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Klaus Zumwinkel, Deutsche Telekom chairman, is under pressure from fellow non-executive directors to leave his post at the troubled telecoms group when his contract expires next year.

The Financial Times has learned that several supervisory board members have questioned whether Mr Zumwinkel can devote enough time to a group in the throes of painful changes.

Any public discussion about the chairman’s future is likely to add to turbulence at Deutsche Telekom, which faces its first strike over pay cuts since privatisation started in 1996.

People familiar with the situation said Mr Zumwinkel, also chief executive of Deutsche Post and chairman of Postbank, wanted to delay any decision on his future at Deutsche Telekom until late in the year.

Mr Zumwinkel and key shareholders can decide to extend his tenure beyond May 2008 after Thursday’s annual meeting.

Blackstone, the private equity group and Deutsche Telekom’s second biggest shareholder, tried to unseat Mr Zumwinkel last autumn when the supervisory board replaced then-chief executive Kai-Uwe Ricke with René Obermann.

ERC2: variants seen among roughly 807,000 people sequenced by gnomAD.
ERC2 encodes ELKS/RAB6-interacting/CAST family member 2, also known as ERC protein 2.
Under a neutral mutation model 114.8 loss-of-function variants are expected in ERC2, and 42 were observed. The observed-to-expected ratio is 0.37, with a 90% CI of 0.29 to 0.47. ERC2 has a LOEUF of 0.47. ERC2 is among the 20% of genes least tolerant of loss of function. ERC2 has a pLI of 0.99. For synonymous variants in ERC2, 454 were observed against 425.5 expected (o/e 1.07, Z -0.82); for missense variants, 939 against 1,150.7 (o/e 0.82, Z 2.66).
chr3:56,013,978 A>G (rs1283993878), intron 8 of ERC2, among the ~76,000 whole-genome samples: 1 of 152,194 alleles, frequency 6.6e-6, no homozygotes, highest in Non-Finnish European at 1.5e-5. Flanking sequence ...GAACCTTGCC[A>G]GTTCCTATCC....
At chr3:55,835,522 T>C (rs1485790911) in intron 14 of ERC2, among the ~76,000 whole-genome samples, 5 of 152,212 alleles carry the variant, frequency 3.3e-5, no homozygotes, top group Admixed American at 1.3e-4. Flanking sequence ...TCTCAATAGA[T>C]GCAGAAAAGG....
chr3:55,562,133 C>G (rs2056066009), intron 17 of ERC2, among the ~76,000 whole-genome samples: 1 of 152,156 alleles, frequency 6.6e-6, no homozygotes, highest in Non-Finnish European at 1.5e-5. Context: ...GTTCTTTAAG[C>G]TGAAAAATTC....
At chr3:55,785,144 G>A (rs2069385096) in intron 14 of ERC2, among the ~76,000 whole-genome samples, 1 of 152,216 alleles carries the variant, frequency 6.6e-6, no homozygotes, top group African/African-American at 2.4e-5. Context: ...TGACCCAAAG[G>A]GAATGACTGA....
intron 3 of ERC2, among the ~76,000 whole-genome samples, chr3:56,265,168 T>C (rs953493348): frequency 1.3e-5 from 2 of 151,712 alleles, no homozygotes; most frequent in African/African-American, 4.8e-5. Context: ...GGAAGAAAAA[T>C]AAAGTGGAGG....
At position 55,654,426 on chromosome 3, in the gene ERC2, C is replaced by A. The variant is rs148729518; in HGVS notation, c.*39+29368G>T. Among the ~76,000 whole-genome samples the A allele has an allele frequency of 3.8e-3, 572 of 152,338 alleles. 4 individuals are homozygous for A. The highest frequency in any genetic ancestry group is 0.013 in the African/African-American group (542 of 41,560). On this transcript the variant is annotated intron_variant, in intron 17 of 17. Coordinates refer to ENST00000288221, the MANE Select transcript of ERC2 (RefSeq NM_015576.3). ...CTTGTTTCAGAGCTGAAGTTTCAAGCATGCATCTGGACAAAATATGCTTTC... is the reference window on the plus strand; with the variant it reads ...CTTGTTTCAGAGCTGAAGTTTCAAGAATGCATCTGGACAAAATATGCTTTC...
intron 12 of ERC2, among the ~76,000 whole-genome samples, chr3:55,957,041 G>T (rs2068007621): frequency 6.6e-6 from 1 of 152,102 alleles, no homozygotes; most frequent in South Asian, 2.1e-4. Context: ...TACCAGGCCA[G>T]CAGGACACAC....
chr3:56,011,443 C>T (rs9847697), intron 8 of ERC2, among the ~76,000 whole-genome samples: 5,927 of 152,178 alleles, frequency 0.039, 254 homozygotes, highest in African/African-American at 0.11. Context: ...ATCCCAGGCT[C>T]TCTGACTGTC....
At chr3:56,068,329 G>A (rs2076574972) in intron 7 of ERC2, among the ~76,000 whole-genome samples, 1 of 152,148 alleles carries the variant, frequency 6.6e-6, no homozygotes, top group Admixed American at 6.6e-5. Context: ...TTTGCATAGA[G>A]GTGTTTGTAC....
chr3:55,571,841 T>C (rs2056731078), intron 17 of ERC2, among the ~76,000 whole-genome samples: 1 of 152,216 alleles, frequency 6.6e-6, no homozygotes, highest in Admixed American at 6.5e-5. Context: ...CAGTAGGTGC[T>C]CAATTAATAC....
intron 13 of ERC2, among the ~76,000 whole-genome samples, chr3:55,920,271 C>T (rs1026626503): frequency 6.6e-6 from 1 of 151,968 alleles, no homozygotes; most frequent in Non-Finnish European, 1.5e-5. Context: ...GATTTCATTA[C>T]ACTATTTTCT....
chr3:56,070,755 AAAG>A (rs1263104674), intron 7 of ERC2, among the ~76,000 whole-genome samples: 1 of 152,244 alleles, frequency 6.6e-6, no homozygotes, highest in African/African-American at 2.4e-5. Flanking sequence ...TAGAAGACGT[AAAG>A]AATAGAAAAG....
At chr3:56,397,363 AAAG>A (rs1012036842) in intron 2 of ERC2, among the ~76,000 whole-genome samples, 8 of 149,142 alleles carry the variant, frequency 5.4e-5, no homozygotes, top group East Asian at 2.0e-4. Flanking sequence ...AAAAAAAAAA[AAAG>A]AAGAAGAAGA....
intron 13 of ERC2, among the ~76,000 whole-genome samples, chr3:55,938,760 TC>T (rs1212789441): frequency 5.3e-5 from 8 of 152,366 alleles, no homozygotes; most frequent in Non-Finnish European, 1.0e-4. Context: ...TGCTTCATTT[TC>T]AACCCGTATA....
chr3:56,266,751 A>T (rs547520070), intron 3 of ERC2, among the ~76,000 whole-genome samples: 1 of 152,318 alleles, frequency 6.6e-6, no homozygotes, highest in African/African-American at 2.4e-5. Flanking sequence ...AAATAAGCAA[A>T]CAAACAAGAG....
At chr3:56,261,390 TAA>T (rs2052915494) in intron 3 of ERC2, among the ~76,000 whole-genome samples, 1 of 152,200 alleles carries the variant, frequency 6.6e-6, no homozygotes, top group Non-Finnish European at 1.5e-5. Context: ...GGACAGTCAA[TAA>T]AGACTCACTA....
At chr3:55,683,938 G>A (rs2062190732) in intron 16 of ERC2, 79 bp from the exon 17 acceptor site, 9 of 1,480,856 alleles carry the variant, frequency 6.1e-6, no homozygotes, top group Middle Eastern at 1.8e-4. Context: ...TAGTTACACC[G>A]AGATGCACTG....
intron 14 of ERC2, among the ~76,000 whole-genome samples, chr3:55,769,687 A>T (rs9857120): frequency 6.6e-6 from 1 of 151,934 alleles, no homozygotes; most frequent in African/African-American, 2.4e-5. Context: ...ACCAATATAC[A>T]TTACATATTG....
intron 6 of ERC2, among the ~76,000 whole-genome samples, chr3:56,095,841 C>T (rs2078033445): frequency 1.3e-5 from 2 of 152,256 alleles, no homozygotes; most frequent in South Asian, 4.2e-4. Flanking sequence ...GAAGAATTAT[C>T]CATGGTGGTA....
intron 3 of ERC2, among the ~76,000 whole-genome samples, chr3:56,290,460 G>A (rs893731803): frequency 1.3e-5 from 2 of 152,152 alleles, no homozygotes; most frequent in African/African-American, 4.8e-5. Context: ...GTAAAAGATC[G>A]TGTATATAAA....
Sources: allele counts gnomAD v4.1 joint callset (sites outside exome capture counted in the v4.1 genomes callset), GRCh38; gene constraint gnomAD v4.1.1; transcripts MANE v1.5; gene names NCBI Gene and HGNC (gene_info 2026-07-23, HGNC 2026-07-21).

At the time the German government, which owns one-third of the group, rejected the US investor’s complaints about possible conflicts of interest and lack of attention.

But doubts about Mr Zumwinkel at Telekom have since come to occupy the government representative and other members of the board, according to people familiar with the situation. The government would prefer a quiet departure for Mr Zumwinkel. Berlin does not want to damage his standing at Deutsche Post, which he must prepare for the end of its letter monopoly in January.

The government would be in a tight spot should he publicly declare a wish to carry on. All parties said he could yet stay.

People familiar with events said Mr Zumwinkel had damaged ties to allies at a board meeting in early December when he tried to push his preferred candidate into the top job at personnel.

The turbulent session left Deutsche Telekom without a personnel head just as it geared up for talks with unions about cutting the pay of one quarter of its workforce in Germany.

Mr Zumwinkel, Deutsche Telekom and the government declined to comment.

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